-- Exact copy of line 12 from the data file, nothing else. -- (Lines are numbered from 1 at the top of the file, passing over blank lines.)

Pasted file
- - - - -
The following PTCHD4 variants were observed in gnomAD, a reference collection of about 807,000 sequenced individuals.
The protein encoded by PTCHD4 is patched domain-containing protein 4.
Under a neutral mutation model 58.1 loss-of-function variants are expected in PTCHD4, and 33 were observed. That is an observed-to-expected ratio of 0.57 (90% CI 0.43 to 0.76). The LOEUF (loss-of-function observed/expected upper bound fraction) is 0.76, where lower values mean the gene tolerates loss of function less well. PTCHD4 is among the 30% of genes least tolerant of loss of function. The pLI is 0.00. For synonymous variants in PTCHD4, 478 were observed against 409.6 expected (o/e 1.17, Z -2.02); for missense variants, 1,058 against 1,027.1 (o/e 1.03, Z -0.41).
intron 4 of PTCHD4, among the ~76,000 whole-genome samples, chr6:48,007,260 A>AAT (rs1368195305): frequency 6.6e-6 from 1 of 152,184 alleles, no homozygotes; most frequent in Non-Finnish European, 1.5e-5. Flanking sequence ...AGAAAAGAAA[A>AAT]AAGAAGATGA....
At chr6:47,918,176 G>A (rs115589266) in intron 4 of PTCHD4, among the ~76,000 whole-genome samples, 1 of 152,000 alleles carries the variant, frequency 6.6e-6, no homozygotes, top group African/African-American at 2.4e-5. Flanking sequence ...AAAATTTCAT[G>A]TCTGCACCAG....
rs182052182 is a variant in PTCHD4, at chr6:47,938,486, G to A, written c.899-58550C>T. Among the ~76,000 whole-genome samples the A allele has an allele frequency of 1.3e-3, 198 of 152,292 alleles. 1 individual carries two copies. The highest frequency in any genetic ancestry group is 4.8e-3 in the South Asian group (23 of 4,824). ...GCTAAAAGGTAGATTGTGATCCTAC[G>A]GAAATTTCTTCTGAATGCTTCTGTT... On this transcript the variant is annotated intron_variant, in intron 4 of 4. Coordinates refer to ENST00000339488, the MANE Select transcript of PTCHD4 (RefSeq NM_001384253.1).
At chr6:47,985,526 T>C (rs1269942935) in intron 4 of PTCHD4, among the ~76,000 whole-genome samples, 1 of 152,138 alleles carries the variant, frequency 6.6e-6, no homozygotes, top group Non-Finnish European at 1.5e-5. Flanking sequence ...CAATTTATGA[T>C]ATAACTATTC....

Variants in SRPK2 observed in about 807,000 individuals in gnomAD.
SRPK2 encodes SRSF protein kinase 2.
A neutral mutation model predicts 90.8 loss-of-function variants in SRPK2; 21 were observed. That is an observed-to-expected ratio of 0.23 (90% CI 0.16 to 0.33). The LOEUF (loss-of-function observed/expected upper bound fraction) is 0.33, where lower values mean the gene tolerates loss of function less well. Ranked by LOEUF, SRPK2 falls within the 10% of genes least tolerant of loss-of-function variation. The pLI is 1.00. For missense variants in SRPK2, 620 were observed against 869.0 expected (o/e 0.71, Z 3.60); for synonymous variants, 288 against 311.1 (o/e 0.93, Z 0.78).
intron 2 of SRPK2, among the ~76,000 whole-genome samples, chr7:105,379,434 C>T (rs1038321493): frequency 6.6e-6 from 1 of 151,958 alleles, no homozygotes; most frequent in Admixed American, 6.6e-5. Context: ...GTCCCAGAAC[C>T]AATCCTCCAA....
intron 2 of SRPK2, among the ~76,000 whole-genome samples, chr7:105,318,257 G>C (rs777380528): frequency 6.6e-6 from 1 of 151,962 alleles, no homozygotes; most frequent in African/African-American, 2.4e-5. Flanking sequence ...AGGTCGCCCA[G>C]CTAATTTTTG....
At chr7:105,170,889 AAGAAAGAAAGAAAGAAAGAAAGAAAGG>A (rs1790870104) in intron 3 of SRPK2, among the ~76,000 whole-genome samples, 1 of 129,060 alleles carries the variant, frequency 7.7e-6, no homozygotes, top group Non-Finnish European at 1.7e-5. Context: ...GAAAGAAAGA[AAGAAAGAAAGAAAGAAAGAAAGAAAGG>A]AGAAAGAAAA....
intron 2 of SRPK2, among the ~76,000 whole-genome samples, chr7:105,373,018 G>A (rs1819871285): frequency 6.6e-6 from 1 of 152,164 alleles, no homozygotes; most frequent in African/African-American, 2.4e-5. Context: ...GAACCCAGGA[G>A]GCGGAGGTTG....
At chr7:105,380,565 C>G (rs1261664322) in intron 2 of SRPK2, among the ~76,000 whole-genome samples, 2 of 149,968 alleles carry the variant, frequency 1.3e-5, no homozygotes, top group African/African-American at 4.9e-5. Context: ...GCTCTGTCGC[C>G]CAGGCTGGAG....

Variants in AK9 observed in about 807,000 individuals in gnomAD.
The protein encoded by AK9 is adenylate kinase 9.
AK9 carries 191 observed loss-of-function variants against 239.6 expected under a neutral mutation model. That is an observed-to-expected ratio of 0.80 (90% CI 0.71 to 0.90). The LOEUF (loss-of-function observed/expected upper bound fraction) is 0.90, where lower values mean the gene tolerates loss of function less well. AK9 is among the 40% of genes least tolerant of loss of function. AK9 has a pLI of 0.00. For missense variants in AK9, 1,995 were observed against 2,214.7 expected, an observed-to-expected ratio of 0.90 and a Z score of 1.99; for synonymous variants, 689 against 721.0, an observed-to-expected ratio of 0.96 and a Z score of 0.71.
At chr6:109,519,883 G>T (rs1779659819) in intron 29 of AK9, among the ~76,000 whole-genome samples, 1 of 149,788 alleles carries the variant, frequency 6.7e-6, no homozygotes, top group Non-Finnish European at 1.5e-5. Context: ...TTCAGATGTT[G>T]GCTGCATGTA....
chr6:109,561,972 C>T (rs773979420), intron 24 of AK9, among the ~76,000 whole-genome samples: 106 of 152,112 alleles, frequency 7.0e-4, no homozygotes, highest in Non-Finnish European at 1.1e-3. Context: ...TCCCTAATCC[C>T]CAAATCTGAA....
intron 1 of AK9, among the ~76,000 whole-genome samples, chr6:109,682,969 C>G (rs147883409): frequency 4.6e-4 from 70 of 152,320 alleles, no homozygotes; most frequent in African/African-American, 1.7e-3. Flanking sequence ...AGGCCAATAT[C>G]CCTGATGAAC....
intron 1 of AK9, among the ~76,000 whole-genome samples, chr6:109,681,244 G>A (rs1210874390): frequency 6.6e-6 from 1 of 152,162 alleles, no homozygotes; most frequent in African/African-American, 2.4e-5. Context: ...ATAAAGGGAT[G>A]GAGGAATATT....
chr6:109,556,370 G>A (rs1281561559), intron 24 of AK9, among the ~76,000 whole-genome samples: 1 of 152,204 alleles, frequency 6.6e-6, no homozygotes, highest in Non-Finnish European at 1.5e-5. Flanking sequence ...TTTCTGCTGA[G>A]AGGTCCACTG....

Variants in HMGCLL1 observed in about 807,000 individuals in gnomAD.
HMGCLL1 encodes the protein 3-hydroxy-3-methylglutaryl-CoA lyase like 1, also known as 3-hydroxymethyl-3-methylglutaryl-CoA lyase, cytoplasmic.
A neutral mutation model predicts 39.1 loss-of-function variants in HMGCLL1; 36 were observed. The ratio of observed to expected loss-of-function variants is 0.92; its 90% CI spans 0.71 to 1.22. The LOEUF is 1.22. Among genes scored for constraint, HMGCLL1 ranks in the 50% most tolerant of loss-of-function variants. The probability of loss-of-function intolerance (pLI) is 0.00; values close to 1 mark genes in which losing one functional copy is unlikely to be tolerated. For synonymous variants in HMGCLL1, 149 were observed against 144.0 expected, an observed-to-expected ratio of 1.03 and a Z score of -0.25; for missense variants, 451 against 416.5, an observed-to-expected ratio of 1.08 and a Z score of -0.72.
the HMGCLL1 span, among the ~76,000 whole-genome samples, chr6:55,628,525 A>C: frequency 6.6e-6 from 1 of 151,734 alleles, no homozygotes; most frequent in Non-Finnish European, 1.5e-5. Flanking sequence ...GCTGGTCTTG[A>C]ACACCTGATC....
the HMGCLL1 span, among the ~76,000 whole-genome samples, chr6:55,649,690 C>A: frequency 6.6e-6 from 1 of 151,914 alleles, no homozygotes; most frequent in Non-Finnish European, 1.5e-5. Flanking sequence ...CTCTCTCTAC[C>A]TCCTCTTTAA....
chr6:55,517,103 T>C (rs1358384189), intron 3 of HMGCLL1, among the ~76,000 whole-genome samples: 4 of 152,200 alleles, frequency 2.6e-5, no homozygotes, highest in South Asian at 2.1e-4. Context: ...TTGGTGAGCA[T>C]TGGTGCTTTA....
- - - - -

intron 2 of SRPK2, among the ~76,000 whole-genome samples, chr7:105,318,257 G>C (rs777380528): frequency 6.6e-6 from 1 of 151,962 alleles, no homozygotes; most frequent in African/African-American, 2.4e-5. Flanking sequence ...AGGTCGCCCA[G>C]CTAATTTTTG....